College of Computer1 - College of Computer Mathematical and Natural Sciences BSCI201 Human Anatomy and Physiology I Opoku-Edusei Chapter Two Notes 1

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College of Computer, Mathematical and Natural Sciences BSCI201 Human Anatomy and Physiology I Opoku-Edusei Chapter Two Notes 1. Composition of Matter a. Matter- anything that occupies space and has mass a.i. Composed of elements- each element is composed of identical atoms a.ii. Atoms are therefore known as the building blocks of matter a.iii. There are 112 elements- most of the body’s weight is made up of four major elements- 86% of the weight of the human body is made up of Carbon, Oxygen, Hydrogen and Nitrogen. 2. Structural organization of the human body a. Lowest level- chemical level b. Chemical level Biochemical reaction Physiology functions of the parts in the body c. Basis for biochemical reactions 3. The Structure of an Atom a. Each atom is composed of 3 subatomic particles: a.i. Protons- positively charged subatomic particles located in the center of the atom known as he atomic nucleus; number of protons in an atom is specifically referred to as the atomic number a.ii. Neutrons- uncharged subatomic particles located inside the atomic nucleus a.ii.1. Therefore, the overall charge of the atomic nucleus is positive a.iii. Electrons- negatively-charged subatomic particles located in the orbits/shells surrounding the atomic nucleus. a.iv. In atoms, the number of protons = the number of electrons; therefore the overall charge of an atom is zero- an atom is electrically neutral b. Atomic Structure: b.i. Atomic Nucleus b.i.1. Protons- positively charged b.i.2. Neutrons- no charge b.ii. Orbitals (Shells) b.ii.1. Electrons are located/arranged in the orbits/shells in a specific manner: b.ii.1.a. First shell (closest to the atomic nucleus)- can accommodate a maximum of 2 electrons b.ii.1.b. Second shell- can accommodate a maximum of 8 electrons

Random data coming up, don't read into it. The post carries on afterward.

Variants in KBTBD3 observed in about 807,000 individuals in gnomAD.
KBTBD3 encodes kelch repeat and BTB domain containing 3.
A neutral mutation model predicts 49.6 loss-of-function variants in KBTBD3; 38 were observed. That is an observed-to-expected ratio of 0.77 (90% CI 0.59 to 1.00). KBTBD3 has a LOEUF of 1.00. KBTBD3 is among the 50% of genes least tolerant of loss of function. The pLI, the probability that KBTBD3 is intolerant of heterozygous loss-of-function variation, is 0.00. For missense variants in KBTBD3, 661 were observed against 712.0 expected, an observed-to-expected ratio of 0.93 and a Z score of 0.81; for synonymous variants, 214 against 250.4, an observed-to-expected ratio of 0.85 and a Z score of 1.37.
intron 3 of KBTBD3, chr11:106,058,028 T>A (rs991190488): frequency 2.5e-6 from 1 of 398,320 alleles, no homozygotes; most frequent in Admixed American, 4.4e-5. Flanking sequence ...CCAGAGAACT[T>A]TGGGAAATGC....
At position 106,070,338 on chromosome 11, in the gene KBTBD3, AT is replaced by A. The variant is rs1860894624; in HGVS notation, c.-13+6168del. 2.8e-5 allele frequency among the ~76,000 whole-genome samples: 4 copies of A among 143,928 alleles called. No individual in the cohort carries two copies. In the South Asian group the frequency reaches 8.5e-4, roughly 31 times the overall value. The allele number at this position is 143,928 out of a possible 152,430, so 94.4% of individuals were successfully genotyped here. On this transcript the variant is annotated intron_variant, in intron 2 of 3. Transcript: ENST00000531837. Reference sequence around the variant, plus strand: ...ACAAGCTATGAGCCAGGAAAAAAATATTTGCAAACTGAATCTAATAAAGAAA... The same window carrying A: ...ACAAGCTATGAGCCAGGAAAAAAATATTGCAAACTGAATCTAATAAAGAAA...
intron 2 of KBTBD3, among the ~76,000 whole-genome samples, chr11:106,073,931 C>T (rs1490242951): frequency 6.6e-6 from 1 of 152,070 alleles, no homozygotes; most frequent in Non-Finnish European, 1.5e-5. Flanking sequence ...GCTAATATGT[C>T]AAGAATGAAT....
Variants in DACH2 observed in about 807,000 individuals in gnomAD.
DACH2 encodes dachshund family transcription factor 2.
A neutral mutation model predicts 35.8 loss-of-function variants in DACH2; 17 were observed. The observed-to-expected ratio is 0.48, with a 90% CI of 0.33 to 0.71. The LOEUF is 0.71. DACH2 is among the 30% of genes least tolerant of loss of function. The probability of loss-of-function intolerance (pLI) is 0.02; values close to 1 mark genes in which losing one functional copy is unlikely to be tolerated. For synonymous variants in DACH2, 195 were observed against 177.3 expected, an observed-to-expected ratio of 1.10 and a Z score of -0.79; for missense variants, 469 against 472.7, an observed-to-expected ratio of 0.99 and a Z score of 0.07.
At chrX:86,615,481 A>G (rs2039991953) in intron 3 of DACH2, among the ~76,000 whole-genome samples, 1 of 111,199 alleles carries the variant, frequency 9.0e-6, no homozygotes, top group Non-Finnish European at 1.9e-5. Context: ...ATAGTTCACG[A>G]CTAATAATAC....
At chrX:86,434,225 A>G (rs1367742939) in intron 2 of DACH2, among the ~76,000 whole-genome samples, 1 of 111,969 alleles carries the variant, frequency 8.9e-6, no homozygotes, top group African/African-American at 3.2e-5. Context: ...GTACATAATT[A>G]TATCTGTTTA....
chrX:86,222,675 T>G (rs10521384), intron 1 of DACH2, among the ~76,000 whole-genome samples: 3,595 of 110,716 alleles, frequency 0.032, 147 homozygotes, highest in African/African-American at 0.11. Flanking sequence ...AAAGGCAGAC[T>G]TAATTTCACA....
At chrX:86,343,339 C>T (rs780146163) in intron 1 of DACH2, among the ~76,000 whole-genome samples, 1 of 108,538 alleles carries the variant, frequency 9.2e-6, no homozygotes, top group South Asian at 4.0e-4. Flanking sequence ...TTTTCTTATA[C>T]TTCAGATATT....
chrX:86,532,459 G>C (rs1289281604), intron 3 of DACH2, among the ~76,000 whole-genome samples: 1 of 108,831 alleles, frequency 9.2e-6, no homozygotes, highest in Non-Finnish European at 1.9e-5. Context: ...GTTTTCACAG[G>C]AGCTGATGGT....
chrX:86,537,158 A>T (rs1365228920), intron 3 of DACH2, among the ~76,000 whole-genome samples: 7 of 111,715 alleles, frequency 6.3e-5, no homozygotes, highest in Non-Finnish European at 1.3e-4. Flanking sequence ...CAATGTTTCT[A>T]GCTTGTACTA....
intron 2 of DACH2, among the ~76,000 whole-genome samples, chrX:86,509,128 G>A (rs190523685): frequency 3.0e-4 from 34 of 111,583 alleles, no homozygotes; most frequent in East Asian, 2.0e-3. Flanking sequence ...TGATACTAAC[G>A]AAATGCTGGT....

b.ii.1.c. Third shell- can accommodate a maximum of 18 electrons however, the atom is stable with 8 electrons (“The Octotet rule”) b.ii.2. The outermost shell in an atom is called the valence shell and the electrons located in the valence shells are called valence electrons b.ii.3. If the valence shell of an atom does not contain the maximum number of electrons, the atom is unstable, and therefore chemical reactive. b.ii.4. Example: Na atomic number 11 b.ii.4.a. Has 11 protons therefore 11 electrons b.ii.4.b. 2 electrons in first shell, 8 in second, 1 in third b.ii.4.c. Sodium atom will achieve stability with a complete outermost orbital, hence it loses the one electron in the third shell b.ii.4.d. Now has two complete shells b.ii.4.e. Now Na+ 1. 3 Types of Chemical Bonds a. Covalent Bonds- electrons are shared between atoms to attain stability; 2 types of Covalent Bonds: Nonpolar and Polar a.i. Nonpolar covalent bond- electrons are shared equally between the atoms involved; ex CO 2 (Carbon Dioxide) a.ii. Polar covalent bond- unequal sharing of electrons- one atom pulls the shared electrons closer to itself and such an atom is referred to as an electronegative atom. The other atom is referred to as an electropositive atom; ex H20 a.ii.1. Oxygen = electronegative atom a.ii.2.